Discretisation Using Decision Trees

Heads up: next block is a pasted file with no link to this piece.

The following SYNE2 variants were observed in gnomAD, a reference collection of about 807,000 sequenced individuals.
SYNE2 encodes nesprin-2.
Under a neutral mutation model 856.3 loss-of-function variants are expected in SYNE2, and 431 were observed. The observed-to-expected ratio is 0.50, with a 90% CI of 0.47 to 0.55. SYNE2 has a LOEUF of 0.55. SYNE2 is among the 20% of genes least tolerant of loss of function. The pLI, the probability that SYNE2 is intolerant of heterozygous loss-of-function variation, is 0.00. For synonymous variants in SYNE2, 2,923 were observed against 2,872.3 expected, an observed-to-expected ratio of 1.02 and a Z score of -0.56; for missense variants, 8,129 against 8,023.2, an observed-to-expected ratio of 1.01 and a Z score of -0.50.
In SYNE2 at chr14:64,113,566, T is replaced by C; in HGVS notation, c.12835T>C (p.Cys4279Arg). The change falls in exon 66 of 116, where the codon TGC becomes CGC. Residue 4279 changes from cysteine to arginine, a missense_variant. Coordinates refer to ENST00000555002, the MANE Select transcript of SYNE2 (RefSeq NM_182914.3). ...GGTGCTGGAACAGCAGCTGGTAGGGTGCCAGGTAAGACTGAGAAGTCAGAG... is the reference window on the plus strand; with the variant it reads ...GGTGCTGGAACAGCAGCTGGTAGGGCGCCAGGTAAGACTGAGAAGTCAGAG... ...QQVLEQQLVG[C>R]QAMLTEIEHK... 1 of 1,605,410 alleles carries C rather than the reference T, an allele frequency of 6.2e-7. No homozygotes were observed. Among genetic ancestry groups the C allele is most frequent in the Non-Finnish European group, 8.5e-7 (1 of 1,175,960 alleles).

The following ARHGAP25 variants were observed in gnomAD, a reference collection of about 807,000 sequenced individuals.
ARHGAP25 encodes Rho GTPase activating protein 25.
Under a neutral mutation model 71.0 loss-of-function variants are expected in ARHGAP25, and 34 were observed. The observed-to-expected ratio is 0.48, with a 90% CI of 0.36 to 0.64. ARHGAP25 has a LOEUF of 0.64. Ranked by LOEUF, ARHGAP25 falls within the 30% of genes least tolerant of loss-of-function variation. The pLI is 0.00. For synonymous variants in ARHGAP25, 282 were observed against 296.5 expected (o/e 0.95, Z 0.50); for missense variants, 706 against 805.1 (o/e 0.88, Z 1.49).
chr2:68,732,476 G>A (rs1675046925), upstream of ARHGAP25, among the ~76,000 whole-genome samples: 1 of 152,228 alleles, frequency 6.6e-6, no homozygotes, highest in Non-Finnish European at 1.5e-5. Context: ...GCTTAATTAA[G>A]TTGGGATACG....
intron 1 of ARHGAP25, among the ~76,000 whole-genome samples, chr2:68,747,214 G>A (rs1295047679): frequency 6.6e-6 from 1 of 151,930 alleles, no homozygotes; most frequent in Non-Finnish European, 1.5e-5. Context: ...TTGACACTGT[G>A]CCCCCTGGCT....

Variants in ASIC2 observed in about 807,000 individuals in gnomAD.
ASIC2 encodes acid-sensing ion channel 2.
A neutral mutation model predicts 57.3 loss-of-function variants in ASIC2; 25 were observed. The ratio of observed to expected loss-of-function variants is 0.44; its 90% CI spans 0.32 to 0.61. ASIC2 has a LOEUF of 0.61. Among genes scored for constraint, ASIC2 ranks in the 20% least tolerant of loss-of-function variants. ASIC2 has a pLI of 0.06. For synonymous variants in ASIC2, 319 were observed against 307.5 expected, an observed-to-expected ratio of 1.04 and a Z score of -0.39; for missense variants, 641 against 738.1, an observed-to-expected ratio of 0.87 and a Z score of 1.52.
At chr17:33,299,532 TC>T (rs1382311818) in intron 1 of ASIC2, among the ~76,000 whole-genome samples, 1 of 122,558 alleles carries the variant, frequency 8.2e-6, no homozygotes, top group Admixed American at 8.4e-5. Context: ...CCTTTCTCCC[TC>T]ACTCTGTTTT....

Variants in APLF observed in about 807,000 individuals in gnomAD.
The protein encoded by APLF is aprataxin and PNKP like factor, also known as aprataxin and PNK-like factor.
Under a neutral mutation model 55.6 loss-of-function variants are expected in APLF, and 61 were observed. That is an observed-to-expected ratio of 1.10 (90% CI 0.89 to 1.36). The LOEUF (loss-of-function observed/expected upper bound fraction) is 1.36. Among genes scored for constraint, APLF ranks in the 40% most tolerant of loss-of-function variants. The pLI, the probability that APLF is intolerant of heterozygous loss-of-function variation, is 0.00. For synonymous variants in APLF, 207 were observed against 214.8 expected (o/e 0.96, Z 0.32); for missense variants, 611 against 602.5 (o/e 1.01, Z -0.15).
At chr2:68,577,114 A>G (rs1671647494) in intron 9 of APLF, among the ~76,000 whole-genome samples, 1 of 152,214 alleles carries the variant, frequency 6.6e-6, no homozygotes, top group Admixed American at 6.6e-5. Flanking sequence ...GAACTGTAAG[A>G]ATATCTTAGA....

Discretization methods fall into 2 categories: supervised and unsupervised.Unsupervised methods do not use any information, other than the variable distribution, to create the contiguous bins in which the values will be placed.Supervised methods typically use target information in order to create bins or intervals.We will only talk about supervised discretisation method using decision trees here in this articleBut before moving to the next step, let’s load a dataset on which we will perform the discretisation.Discretisation with decision treesDiscretisation with Decision Trees consists of using a decision tree to identify the optimal splitting points that would determine the bins or contiguous intervals:Step 1: First it trains a decision tree of limited depth (2, 3 or 4) using the variable we want to discretize to predict the target.Step 2: The original variable values are then replaced by the probability returned by the tree..The probability is the same for all the observations within a single bin, thus replacing by the probability is equivalent to grouping the observations within the cut-off decided by the decision tree.Advantages :The probabilistic predictions returned decision tree are monotonically related to the target.The new bins show decreased entropy, this is the observations within each bucket/bin are more similar to themselves than to those of other buckets/bins.The tree finds the bins automatically.Disadvantages :It may cause over-fittingMore importantly, some tuning of tree parameters might need to be done to obtain the optimal splits (e.g., depth, the minimum number of samples in one partition, the maximum number of partitions, and a minimum information gain)..This it can be time-consuming.Let ’s see how to perform discretization with decision trees using the Titanic dataset.Import useful LibrariesIN[1]:import pandas as pdimport numpy as npimport matplotlib.pyplot as pltfrom sklearn.model_selection import train_test_split2..Load the datasetIN[2]:data = pd.read_csv('titanic.csv',usecols =['Age','Fare','Survived'])data.head()3..Separate the data into train and test setIN[3]:X_train, X_test, y_train, y_test = train_test_split(data[['Age', 'Fare', 'Survived']],data.Survived , test_size = 0.3)So, assuming that we do not have missing values in the dataset (or even if we have missing data available in the dataset, we have imputed them )..I am leaving this part because my main goal is to show how discretisation work.So, Now let’s visualize our data such that we gain some insights out of it and understand the variables4..Let’s build a classification tree using the age to predict Survived in order to discretise the age variable.IN[4]:tree_model = DecisionTreeClassifier(max_depth=2)tree_model.fit(X_train.Age.to_frame(), X_train.Survived)X_train['Age_tree']=tree_model.predict_proba(X_train.Age.to_frame())[:,1] X_train.head(10)Now that we have a classification model using the age variable to predict the Survived variable.The newly created variable Age_tree contains the probability of the data point belonging to the corresponding class5..Checking the number of unique values present in Age_treevariableIN[5]:X_train.Age_tree.unique()Why only four probabilities right?Above in input four, we have mentioned max_depth = 2..A tree of depth 2, makes 2 splits, therefore generating 4 buckets, that is why we see 4 different probabilities in the output above.6..Check the relationship between the discretized variable Age_tree and the target Survived.IN[6]:fig = plt.figure()fig = X_train.groupby(['Age_tree'])['Survived'].mean().plot()fig.set_title('Monotonic relationship between discretised Age and target')fig.set_ylabel('Survived')Here, we can see a monotonic relationship between the discretised variable andAge_tree the target variable Survived..That plot suggests that Age_tree seems like a good predictor of the target variable Survived .7..Checking the number of passengers per probabilistic bucket/bin to under the distribution of the discretized variable.IN[7]:X_train.groupby(['Age_tree'])['Survived'].count().plot.bar()Let's check the Age limits buckets generated by the tree by capturing the minimum and maximum age per each probability bucket to get an idea of the bucket cut-offs.8.. More details

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